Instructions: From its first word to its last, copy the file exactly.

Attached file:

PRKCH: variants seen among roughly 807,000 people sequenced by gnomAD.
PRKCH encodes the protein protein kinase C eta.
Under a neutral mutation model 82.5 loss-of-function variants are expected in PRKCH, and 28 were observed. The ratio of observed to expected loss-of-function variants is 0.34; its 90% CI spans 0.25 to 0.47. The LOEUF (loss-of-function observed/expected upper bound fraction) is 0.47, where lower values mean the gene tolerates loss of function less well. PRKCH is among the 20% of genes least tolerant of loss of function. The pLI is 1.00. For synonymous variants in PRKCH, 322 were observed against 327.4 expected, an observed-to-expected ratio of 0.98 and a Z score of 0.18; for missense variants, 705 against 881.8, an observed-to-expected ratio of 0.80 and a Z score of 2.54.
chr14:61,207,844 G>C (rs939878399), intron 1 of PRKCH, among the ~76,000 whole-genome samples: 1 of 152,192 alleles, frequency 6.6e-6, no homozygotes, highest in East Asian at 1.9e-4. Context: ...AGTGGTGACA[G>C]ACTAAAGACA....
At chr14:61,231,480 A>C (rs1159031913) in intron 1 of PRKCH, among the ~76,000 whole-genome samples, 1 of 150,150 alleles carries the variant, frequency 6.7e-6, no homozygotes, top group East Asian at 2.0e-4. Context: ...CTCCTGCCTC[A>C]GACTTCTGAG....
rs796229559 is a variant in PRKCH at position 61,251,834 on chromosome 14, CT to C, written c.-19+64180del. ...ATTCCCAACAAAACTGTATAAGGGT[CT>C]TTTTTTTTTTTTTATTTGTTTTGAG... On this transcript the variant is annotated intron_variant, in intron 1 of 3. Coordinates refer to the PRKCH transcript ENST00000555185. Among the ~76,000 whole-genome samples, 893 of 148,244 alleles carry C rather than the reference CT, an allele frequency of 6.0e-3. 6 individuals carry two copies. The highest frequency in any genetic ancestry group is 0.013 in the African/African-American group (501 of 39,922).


PRKCH: variants seen among roughly 807,000 people sequenced by gnomAD.
PRKCH encodes the protein protein kinase C eta.
Under a neutral mutation model 82.5 loss-of-function variants are expected in PRKCH, and 28 were observed. The ratio of observed to expected loss-of-function variants is 0.34; its 90% CI spans 0.25 to 0.47. The LOEUF (loss-of-function observed/expected upper bound fraction) is 0.47, where lower values mean the gene tolerates loss of function less well. PRKCH is among the 20% of genes least tolerant of loss of function. The pLI is 1.00. For synonymous variants in PRKCH, 322 were observed against 327.4 expected, an observed-to-expected ratio of 0.98 and a Z score of 0.18; for missense variants, 705 against 881.8, an observed-to-expected ratio of 0.80 and a Z score of 2.54.
chr14:61,207,844 G>C (rs939878399), intron 1 of PRKCH, among the ~76,000 whole-genome samples: 1 of 152,192 alleles, frequency 6.6e-6, no homozygotes, highest in East Asian at 1.9e-4. Context: ...AGTGGTGACA[G>C]ACTAAAGACA....
At chr14:61,231,480 A>C (rs1159031913) in intron 1 of PRKCH, among the ~76,000 whole-genome samples, 1 of 150,150 alleles carries the variant, frequency 6.7e-6, no homozygotes, top group East Asian at 2.0e-4. Context: ...CTCCTGCCTC[A>C]GACTTCTGAG....
rs796229559 is a variant in PRKCH at position 61,251,834 on chromosome 14, CT to C, written c.-19+64180del. ...ATTCCCAACAAAACTGTATAAGGGT[CT>C]TTTTTTTTTTTTTATTTGTTTTGAG... On this transcript the variant is annotated intron_variant, in intron 1 of 3. Coordinates refer to the PRKCH transcript ENST00000555185. Among the ~76,000 whole-genome samples, 893 of 148,244 alleles carry C rather than the reference CT, an allele frequency of 6.0e-3. 6 individuals carry two copies. The highest frequency in any genetic ancestry group is 0.013 in the African/African-American group (501 of 39,922).